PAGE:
Innovation Report > Using Very Small Strain Analysis to Monitor Structures

It is quite common in the construction industry to monitor structures for potential damage from ongoing construction activities. Impact to retaining walls, foundations, adjacent buildings, abutments, etc. from ongoing construction are typically undertaken through the application of optical based laser surveys, crack gages, pre/post photographs, vibrating wire strain gages, accelerometers, and tilt meters. These tools are, of course, well-known across the North American construction industry and found on most job sites. It is recognized, however, that these traditional applications provide evidence of deformation or movement after it has occurred and it is then a matter of extrapolation and analysis to determine the effect of the movement on the structure. For example, if vibration readings from installed accelerometers are beyond accepted levels, what is the impact on the asset being monitored? Can we be sure there has been no damage to the asset? If there was movement, has the structure stabilized? Is there damage that may be accelerating? What are the inherent risks and how can they be managed or minimized?

These questions represent very real concerns to contractors and developers. Issues associated with progressive damage pose safety risks, scheduling risks and liabilities for project stakeholders.  They portend unforeseen costs. It is recognized that traditional approaches can often only demonstrate a change without providing demonstrable proof of what that change might mean to the project. STRAEN Inc. has been working in the US to introduce complementary tools to work with contractors, developers and engineers to provide immediate answers to these critical questions. Using new wireless fiber optic strands that can be installed in as little as fifteen minutes, contractors and engineers are able to benefit from new high resolution data that measures accumulated strain from an installed baseline level to any changes to the ongoing dynamic operating conditions of a structure.

Normal construction activities and their effect on monitored assets are measured dynamically as are any changes to normal operating conditions such as excessive vibration, blasting, drilling, excavation, collisions, etc., which may compromise the structural integrity of the asset. By continuously sampling at 50Hz, the technology measures the accumulation of strain on monitored structures, and provides immediate (alarmed) feedback if normal conditions have been exceeded, and how the structure has responded to the activity. Dynamic changes can be highlighted and the response of the structure is made available for immediate analysis. This high-resolution data illustrates the effect of the movement, if the structure has returned to its normal operating conditions, of if there are any changes (and where) to normal operating behavior.  The goal is immediate and objective data on critical issues.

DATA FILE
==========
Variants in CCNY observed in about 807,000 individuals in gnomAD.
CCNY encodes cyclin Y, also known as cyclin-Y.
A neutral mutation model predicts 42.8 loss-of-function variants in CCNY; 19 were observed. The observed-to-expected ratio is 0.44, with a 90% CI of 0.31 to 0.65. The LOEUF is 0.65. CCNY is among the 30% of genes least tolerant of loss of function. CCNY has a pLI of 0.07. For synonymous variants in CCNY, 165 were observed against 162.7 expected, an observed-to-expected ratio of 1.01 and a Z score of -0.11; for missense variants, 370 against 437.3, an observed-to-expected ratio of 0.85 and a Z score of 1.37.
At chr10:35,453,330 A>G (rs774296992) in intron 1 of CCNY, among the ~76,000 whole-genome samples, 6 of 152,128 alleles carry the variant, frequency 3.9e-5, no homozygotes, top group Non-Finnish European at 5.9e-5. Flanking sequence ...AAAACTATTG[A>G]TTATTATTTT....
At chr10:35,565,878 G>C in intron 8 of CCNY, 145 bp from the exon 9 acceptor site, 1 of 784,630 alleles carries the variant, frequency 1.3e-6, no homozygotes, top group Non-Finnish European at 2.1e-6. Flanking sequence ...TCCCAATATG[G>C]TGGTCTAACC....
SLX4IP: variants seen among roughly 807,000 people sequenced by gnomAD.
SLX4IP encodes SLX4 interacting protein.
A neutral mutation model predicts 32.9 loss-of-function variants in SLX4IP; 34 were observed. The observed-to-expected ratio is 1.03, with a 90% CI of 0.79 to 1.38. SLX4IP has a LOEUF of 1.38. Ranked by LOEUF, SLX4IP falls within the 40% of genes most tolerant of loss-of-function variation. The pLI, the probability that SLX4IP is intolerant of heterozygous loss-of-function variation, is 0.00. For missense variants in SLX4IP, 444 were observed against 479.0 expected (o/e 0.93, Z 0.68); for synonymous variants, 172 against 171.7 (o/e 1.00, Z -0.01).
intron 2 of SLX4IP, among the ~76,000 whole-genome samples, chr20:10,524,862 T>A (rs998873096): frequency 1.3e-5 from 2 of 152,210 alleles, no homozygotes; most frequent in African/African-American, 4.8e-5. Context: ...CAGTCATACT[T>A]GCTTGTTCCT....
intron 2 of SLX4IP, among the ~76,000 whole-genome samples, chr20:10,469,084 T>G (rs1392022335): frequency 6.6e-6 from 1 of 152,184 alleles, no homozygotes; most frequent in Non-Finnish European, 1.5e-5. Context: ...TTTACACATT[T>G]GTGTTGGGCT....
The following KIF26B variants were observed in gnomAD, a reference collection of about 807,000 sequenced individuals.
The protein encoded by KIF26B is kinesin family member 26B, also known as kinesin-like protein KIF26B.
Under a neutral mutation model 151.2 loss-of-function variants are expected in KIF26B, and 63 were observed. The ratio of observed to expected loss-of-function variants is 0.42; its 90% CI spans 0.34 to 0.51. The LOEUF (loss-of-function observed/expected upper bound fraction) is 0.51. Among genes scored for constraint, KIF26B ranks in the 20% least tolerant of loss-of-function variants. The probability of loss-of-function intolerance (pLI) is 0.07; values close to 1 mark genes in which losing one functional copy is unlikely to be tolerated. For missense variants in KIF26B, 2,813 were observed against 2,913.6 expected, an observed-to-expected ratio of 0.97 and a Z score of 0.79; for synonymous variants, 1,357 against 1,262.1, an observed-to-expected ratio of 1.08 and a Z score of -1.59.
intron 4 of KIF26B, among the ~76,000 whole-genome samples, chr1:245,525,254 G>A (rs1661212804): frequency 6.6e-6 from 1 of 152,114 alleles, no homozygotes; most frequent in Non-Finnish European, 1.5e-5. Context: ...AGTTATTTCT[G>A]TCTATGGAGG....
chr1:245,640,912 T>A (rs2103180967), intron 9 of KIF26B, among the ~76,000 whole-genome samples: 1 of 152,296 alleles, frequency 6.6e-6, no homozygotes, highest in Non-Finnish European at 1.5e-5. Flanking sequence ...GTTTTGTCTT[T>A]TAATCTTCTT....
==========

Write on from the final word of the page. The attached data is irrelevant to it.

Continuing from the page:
While relatively new to North America, the technology was developed by French-based OSMOS SA and has been used across Europe and Asia for over ten years with over 4,000 installations globally. Landmark structures including the Euro Tunnel, Eiffel Tower, Manhattan Bridge and even the monitoring of adjacent buildings at Ground Zero post 9-11 demonstrate the wide-variety of uses for the instrumentation. With the introduction of the new wireless units developed by OMSOS SA, STRAEN Inc. anticipates a very rapid adoption of the technology in the US given the ease of installation and the significantly increased data available for managing risk on project sites.

STRAEN Inc. is focusing on the introduction of the new wireless sensors for the construction industry as an inexpensive contribution to the real questions needing to be answered onsite for contractors, developers, and engineers to manage risk proactively and avoid costly emergencies.


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2 Responses to Innovation Report > Using Very Small Strain Analysis to Monitor Structures

  1. Sujan says:

    This seems to be a great product in the field of Geotechnical Instrumentation and Monitoring (I&M). Based on my experience with I&M in major infrastructure projects in the US, similar I&M methodology is available; satellite based remotely controlled I&M technique is also used in projects in the US. I think what really is needed is the quick, if not instantaneous analysis of I&M data and generation of signals as to the degree of risk. If any kind of failure is possible, system must signal it well in advance of failure. I am not aware of any product that generates alarm signals related to risks almost instantaneously upon storing the data.

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